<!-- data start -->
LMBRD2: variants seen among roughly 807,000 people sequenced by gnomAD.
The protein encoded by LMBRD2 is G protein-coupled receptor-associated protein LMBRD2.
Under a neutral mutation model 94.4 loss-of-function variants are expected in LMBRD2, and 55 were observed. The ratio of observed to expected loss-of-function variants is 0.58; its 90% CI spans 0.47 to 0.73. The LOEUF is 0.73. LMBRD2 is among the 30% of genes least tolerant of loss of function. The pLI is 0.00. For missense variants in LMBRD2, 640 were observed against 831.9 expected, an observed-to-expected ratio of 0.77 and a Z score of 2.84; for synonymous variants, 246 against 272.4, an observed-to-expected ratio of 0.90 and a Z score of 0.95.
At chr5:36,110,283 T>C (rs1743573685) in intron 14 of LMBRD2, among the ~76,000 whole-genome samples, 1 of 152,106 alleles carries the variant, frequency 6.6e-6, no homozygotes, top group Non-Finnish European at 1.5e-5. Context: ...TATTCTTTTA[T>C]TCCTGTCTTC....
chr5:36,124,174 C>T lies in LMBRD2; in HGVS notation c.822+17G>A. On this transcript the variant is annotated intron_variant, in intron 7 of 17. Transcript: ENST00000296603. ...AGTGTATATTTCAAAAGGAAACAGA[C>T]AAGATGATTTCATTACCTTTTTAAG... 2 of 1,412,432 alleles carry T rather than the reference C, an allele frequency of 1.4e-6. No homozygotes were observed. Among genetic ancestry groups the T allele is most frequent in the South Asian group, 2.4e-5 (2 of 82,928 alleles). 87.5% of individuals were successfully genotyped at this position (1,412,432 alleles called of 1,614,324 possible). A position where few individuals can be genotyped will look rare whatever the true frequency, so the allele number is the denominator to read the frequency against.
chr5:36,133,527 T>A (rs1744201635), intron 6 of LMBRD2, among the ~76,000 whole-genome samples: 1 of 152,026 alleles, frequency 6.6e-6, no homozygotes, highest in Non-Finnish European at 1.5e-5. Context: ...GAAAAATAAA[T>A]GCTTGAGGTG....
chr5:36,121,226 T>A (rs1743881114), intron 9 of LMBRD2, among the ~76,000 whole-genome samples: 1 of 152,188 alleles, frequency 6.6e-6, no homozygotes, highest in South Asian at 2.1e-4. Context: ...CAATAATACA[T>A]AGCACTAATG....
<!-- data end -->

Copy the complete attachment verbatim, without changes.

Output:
LMBRD2: variants seen among roughly 807,000 people sequenced by gnomAD.
The protein encoded by LMBRD2 is G protein-coupled receptor-associated protein LMBRD2.
Under a neutral mutation model 94.4 loss-of-function variants are expected in LMBRD2, and 55 were observed. The ratio of observed to expected loss-of-function variants is 0.58; its 90% CI spans 0.47 to 0.73. The LOEUF is 0.73. LMBRD2 is among the 30% of genes least tolerant of loss of function. The pLI is 0.00. For missense variants in LMBRD2, 640 were observed against 831.9 expected, an observed-to-expected ratio of 0.77 and a Z score of 2.84; for synonymous variants, 246 against 272.4, an observed-to-expected ratio of 0.90 and a Z score of 0.95.
At chr5:36,110,283 T>C (rs1743573685) in intron 14 of LMBRD2, among the ~76,000 whole-genome samples, 1 of 152,106 alleles carries the variant, frequency 6.6e-6, no homozygotes, top group Non-Finnish European at 1.5e-5. Context: ...TATTCTTTTA[T>C]TCCTGTCTTC....
chr5:36,124,174 C>T lies in LMBRD2; in HGVS notation c.822+17G>A. On this transcript the variant is annotated intron_variant, in intron 7 of 17. Transcript: ENST00000296603. ...AGTGTATATTTCAAAAGGAAACAGA[C>T]AAGATGATTTCATTACCTTTTTAAG... 2 of 1,412,432 alleles carry T rather than the reference C, an allele frequency of 1.4e-6. No homozygotes were observed. Among genetic ancestry groups the T allele is most frequent in the South Asian group, 2.4e-5 (2 of 82,928 alleles). 87.5% of individuals were successfully genotyped at this position (1,412,432 alleles called of 1,614,324 possible). A position where few individuals can be genotyped will look rare whatever the true frequency, so the allele number is the denominator to read the frequency against.
chr5:36,133,527 T>A (rs1744201635), intron 6 of LMBRD2, among the ~76,000 whole-genome samples: 1 of 152,026 alleles, frequency 6.6e-6, no homozygotes, highest in Non-Finnish European at 1.5e-5. Context: ...GAAAAATAAA[T>A]GCTTGAGGTG....
chr5:36,121,226 T>A (rs1743881114), intron 9 of LMBRD2, among the ~76,000 whole-genome samples: 1 of 152,188 alleles, frequency 6.6e-6, no homozygotes, highest in South Asian at 2.1e-4. Context: ...CAATAATACA[T>A]AGCACTAATG....